By August 28, 2019

Solar Energy Firm BBOXX Lands USD 50 Mn From Mitsubishi To Expand In Africa And Launch In Asia

By August 28, 2019

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3 billion people worldwide lack access to reliable electricity, a deficit which makes the IEA estimate that more than 71 percent of new electricity will be via off-grid or mini-grid solutions. A recent report by Wood Mackenzie in collaboration with Energy 4 Impact revealed that investors spent over USD 500 Mn in more than 170 investments in 2018. 

Since the turn of 2014, corporate-level investments in clean energy efforts have rallied, just as technological advancements and new business models in the sector. In Africa, 1 in every 3 people does not have access to electricity, leading to the rise of off-grid electricity solutions and multiple investments.

Japanese automotive multinational manufacturer Mitsubishi has invested USD 50 Mn in Africa-focused solar firm BBOXX, a financial consideration which the firm will use to deepen its footprints in Africa and introduce its pay-as-you-go initiative to Asia. 

The deal which, according to Mitsubishi, is a substantial investment, also saw the participation of Engie Rassembleurs d’Energies, Dutch impact investment fund DOEN Participaties, Luxembourg-based impact investor Bamboo Capital, Bennett & Company (MKB) and Montreal-based growth equity firm Mackinnon.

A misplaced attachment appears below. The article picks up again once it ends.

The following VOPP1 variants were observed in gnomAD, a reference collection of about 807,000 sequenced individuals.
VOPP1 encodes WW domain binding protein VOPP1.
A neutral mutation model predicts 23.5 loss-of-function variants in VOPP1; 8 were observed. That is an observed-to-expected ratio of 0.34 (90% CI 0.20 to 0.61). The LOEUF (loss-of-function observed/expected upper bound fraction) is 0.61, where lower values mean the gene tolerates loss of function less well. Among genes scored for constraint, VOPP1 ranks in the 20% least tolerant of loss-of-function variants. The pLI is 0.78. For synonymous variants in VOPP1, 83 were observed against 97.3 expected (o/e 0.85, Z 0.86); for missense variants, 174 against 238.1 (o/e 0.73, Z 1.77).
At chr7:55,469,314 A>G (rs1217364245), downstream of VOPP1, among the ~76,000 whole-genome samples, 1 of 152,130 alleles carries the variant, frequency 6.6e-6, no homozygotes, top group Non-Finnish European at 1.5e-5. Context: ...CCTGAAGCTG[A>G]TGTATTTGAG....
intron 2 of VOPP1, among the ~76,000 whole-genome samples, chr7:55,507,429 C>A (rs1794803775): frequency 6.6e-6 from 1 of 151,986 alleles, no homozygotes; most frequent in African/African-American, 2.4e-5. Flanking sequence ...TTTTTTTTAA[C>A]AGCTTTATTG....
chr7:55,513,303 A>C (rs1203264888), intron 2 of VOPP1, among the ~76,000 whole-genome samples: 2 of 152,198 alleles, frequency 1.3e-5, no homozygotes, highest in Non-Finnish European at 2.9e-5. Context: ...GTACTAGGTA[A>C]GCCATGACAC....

March this year, BBOXX successfully crowdfunded USD 6 Mn to improve the continent’s electricity access. Two months earlier than that, the solar firm raised USD 31 Mn for its E.Africa business.

Investments such as these have been encouraged by the fall in the cost of solar technology as well as the strength of mobile banking across Africa. Global energy companies, with the most prominent being America’s General Electric and France’s EDF Energy – to whom’ BBOXX sold a 50 percent stake earlier in the year – have since keyed into the opportunity. 

Mansor Hamayun, BBOXX’s co-founder and CEO, said that the technological expertise and extensive reach on the part of Mitsubishi would support the firm in the supplication of electricity to more people in Africa and Asia. Adding, he said: “The funding is further evidence of Japanese interest in Africa and in PAYG [pay as you go] solar energy globally”.

BBOXX is not going to use the funds to provide solar power alone. The firm also plans to offer a range of other key utilities, including gas and water in a bid to improve the standard of living for its customers.

According to the company, it will continue to work out a service platform that has an extensive array of benefits to as many people as possible. 

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